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After stating his goals for Iran, Trump's policy makes even less sense

Trump's failing policy toward North Korea is clear and coherent compared to his posture toward Iran.
Image: Donald Trump, Neil Gorsuch, Anthony Kennedy
President Donald Trump speaks during a meeting with business leaders in the State Department Library on the White House complex in Washington, Tuesday, April 11, 2017.

Despite making a series of unnecessary concessions, Donald Trump's policy toward North Korea appears to be unraveling. The rogue nuclear state launched two rounds of missiles overnight -- despite Trump's boast that he brought an end to North Korea's weapons testing -- and yesterday, the Pentagon said it's suspended talks with Pyongyang about recovering the remains of U.S. service members killed during the Korean war.

And yet, the last we heard from the White House, the American president reiterated that the North Korean dictator knows that Trump is "with him."

But as strange as it is to see the Republican embrace a nuclear-armed dictator who keeps firing missiles into the sea, Trump's policy toward North Korea is clear and coherent compared to his posture toward Iran. Here was the American president last night at a rally in northern Florida:

"I hope to be able at some point -- maybe it won't happen, possibly won't -- to sit down and work out a fair deal [with Iran]. We're not looking to hurt anybody."We want a fair deal. We just don't want them to have nuclear weapons. It's all we want."

That might be more persuasive if it weren't for the fact that Trump already had what he said he wants. There was an international nuclear agreement in place with Iran, which according to the president's own team, was working exactly as intended -- right up until Trump abandoned the policy one year ago this week for reasons that he's never fully explained.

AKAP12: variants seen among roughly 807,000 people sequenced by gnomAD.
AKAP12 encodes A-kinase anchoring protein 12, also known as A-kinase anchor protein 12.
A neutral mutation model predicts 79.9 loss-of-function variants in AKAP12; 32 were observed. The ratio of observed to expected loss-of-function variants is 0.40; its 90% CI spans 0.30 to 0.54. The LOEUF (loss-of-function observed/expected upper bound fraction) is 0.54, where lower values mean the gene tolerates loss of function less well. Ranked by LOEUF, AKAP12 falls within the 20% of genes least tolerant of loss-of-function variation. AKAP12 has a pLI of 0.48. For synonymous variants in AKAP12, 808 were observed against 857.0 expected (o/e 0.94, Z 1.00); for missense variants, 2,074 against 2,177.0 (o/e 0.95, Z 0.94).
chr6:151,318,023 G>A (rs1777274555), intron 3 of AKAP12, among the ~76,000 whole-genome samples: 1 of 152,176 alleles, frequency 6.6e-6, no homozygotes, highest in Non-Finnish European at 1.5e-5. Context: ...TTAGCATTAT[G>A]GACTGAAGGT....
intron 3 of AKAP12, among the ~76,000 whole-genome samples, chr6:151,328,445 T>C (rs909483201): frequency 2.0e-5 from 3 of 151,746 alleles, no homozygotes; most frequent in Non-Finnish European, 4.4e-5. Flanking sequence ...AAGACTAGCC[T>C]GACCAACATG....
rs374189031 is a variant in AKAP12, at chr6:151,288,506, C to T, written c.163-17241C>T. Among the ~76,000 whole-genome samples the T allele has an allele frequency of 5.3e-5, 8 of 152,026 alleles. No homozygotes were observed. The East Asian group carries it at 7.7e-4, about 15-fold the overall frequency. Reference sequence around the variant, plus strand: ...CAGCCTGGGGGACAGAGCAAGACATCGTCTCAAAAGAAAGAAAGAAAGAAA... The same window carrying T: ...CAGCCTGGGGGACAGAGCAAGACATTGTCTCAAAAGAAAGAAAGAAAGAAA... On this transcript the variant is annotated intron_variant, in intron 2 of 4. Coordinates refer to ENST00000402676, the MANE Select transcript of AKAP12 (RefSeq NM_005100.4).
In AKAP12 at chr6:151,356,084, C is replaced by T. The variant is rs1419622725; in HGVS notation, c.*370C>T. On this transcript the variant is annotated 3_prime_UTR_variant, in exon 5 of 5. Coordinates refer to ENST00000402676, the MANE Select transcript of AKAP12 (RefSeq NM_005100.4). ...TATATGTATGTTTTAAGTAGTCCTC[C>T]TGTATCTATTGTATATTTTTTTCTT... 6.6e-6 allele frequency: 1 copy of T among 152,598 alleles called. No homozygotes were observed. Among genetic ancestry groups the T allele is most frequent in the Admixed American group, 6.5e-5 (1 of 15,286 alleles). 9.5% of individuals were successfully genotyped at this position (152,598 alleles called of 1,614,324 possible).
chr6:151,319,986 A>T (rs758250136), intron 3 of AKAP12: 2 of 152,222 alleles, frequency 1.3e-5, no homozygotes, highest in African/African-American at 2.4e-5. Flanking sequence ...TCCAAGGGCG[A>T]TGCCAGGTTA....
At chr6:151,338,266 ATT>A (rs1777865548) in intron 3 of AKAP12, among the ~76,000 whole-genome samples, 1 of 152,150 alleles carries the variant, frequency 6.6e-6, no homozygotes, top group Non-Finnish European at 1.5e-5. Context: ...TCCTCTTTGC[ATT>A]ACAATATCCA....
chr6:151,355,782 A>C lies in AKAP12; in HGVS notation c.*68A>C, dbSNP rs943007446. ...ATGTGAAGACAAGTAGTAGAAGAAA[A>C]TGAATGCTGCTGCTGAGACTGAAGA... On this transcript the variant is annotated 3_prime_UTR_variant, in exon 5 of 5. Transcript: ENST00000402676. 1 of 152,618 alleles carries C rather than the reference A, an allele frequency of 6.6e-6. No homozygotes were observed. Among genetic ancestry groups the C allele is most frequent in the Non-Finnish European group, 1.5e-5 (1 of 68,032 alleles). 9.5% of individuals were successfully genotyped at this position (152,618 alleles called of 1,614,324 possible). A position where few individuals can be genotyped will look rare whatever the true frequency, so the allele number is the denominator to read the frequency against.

If "all" the administration wants is for Iran not to have nuclear weapons, all Trump had to do was allow the policy to keep working effectively. He did the opposite, which has led Iran to start backing away from its commitments under the deal.

The result is a dynamic in which the Republican is embracing a rogue nuclear state firing missiles, while thumbing his nose at a country that was complying with an international agreement the United States negotiated.

Secretary of State Mike Pompeo boasted yesterday that the administration's policy toward Iran has "already achieved historic success." I have no idea why he would think that -- or more to the point, why he would expect anyone else to believe such a claim.

Trump has created an incoherent policy that's isolated the United States, strengthened Iranian hardliners, and led Iran to take steps toward the nuclear program it had previously abandoned.

Which part of this looks like "success"?

Heather Hurlburt wrote a good piece on this yesterday, explaining, "In sum, Washington's actions over the last year have yielded no actual progress in dealing with the threats Iran poses to nuclear security, regional security, or domestic oppression. And with its threat today, Tehran presents Washington with a nasty dilemma: Move further away from European partners who try to meet Iran's demands in hopes of keeping its centrifuges silent, or return to the unstable world in which Iran is moving toward nuclear capability."

This was an easy mess to avoid, but Trump stumbled into it for reasons no one seems able to identify. The Republican hit the first domino, setting off a series of events, without any real sense of where things were supposed to end up.